The Origins of Contemporary English Thought
Greek, Near Eastern, Islamic, and Roman thought, are there in the texts which influenced Christian, philosophical and scientific thought, all of which came to influence the vocabulary and ideas of the spoken and written word in the royal courts of London by the time of Middle English (12th – 15th centuries). This came about through the combination of the Norman tongue, Latin, some Greek, and the pre-existing Germanic language of Britain.
The English language, after the invention of the printing press in the 15th century, the conscious introduction of more Latin in the 17th century, and after colonialisation and the industrial revolution became increasingly broad, and came to the level of sophistication it has today.
Our thoughts and ideas are a complex mixture of influences from all of these sources.
It is the purpose of this reading list, and introductory essay, to offer an infallibale reversal to the situation in which we have a three-tier education system, in which people are severely restricted to one tier or another by financial restraints, which also can permanently dictate the rest of their life and social life, and which can also significantly influence the financial prosepcts of their lives.
It is proposed that this is done by recommending a set of important literary works, which have all significantly influenced English thought and literature, and to propose strategies for at least having some knowledge of them and an understanding of why they are important, and strategies for reading all of them in entirety, in a prioritsing and manageable way, with free online audio, and text and advisory resources.
The aim is to also do this by augmenting the English Literature department of the compulsory National Curriculum (i.e. during and leading up to the current GCSE level), to broaden its scope and awareness of English Literature and it relation to wider European thought and literary development.
It is proposed that the reading of this set of books, (or at least to be going on with some knowledge and understanding of their scope and contents) will give anyone, at no cost, except the teaching of oneself a little self-discipline, an English education comparable in many ways to that offered by a reasonable private school.
It is a knowledge to which other, perhaps more secondary (but very important) knowledges (such as philosophy, novels, other classical literature, history, science, mathematics, religion, and important vocational skills) may be added at will.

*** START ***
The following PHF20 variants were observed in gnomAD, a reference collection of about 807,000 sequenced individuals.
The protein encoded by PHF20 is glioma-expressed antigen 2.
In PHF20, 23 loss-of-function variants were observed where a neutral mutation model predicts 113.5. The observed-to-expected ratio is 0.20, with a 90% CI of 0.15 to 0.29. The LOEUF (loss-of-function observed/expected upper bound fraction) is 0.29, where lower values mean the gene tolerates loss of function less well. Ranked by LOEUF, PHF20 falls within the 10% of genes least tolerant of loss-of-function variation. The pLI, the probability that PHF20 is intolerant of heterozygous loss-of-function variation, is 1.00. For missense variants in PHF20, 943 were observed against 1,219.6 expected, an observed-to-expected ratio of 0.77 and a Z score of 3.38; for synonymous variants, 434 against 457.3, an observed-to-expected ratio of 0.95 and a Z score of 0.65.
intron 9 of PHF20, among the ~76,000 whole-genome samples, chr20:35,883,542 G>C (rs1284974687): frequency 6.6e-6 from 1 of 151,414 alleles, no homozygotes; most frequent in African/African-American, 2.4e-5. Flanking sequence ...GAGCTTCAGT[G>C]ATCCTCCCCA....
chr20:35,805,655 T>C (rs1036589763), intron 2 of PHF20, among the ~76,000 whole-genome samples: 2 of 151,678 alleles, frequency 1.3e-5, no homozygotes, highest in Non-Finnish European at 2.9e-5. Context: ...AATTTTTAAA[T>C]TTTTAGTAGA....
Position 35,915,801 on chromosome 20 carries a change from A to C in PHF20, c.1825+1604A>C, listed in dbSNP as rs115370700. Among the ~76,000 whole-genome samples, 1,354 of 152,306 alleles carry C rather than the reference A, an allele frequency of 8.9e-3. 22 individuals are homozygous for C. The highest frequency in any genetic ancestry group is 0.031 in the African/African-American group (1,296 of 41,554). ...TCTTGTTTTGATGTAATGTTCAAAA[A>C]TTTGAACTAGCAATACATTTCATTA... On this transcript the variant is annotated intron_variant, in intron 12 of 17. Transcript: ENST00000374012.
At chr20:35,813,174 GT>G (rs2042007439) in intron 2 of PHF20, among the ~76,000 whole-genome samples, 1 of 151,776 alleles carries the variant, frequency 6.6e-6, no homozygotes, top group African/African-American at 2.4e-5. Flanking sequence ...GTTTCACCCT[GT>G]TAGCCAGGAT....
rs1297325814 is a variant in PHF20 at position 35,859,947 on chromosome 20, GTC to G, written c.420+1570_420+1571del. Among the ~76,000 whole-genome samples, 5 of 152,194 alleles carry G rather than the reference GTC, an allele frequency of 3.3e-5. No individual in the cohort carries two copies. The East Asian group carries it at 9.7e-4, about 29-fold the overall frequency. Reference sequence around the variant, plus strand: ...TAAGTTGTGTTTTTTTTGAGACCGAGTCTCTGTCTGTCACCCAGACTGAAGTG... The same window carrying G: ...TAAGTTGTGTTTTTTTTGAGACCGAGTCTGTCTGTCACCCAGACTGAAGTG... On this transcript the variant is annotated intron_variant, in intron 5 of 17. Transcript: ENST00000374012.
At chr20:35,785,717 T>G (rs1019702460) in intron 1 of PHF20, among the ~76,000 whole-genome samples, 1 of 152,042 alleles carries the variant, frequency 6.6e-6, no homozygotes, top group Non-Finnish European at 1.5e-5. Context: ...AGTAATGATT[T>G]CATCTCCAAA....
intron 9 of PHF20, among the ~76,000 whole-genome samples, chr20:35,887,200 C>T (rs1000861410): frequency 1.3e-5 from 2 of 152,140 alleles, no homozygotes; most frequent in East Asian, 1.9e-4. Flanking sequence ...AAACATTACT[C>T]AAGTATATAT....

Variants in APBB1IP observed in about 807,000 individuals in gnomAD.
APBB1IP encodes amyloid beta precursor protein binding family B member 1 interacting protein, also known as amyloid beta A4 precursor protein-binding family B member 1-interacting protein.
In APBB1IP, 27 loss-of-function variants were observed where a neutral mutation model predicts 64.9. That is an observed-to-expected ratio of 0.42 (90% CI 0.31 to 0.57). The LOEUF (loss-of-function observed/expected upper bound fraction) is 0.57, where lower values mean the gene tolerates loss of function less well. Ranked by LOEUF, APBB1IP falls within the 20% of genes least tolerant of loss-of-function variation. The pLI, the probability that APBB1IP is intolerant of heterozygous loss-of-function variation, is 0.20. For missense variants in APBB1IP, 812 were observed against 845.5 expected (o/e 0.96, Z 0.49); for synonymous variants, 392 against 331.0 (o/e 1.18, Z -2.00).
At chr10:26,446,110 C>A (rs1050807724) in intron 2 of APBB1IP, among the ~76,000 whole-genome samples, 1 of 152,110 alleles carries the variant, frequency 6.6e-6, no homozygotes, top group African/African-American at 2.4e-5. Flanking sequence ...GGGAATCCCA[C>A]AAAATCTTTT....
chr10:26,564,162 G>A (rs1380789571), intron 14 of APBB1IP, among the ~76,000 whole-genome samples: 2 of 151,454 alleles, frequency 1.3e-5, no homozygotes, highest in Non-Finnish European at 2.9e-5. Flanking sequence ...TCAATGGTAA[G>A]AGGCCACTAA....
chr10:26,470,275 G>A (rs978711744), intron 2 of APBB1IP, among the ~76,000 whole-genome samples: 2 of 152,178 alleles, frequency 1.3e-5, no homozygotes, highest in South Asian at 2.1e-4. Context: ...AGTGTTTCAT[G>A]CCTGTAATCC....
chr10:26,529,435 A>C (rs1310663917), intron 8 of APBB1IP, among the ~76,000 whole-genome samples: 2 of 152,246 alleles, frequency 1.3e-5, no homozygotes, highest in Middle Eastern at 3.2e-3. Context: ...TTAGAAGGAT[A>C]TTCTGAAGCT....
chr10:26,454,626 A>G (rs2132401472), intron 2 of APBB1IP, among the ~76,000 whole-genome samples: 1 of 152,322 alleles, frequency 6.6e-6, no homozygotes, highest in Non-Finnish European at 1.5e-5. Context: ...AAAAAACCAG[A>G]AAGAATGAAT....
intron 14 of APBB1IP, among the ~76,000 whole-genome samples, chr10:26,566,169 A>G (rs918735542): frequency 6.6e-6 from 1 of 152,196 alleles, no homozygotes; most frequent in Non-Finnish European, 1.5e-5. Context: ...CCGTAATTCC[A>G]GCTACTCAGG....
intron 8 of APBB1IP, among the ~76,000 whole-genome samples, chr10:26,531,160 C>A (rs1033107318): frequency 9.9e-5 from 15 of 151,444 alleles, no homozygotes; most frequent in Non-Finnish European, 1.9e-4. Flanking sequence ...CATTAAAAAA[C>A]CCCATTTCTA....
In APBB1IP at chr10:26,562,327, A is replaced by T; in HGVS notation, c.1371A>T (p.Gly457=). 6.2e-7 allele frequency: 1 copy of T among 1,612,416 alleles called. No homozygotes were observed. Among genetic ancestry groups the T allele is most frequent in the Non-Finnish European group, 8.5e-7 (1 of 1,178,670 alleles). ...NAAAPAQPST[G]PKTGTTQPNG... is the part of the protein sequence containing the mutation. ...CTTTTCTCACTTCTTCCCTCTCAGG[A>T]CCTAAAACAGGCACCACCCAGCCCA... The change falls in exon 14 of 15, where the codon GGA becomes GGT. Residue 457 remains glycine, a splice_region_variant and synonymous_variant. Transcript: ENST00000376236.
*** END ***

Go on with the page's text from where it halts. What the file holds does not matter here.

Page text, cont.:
Introduction to the Proposed Reading List
The following books (which comprise that set this essay recommends) may be seen to represent not only the finest examples of the art of conveying the imagination into the art-form of words, but also key stages in the the way in which throught has developed across the world, and into Europe, and then into Britain.
As stated previously, with these books taken as the paramount source of understanding thought, knowledge, language, all vocational skills and additional literature, scientific, and historical knowledge, may be added symultaneosuly, or at a later stage, as supplementary.
The proposal here is that these books comprise the shortest route to a complete education, in the English sense, with its stems in the rest of the world, (and to which, as previously stated, all other knowledge may be added.)
It does not take any money to read all the books, merely the teaching oneself of a little discipline (which ultimately saves time), and some way of balancing the time it takes with all one’s other activities.
This may be understood to be a foundational knowledge, serving as a workable structure, which also acts as a socializing force, and which is of course comparable to the kind of knowledge system promoted in most private schools. The message here, is that education is essentially a cultural achievement, one just needs to know how to get, but which one get at no financial cost, and on top of which, other knowledge and vocational skills may also, and more easily be added.
While it takes time and strategies to read the books, even knowing what the books are, why they are important, and some of their content will do a lot to improve one’s education, and thus, in this volume a short introduction to each book is provded, an explanation of why it is important to English thought, and some important passages from the books are included, hopefully to exite interest, and become part of the memory of the reader.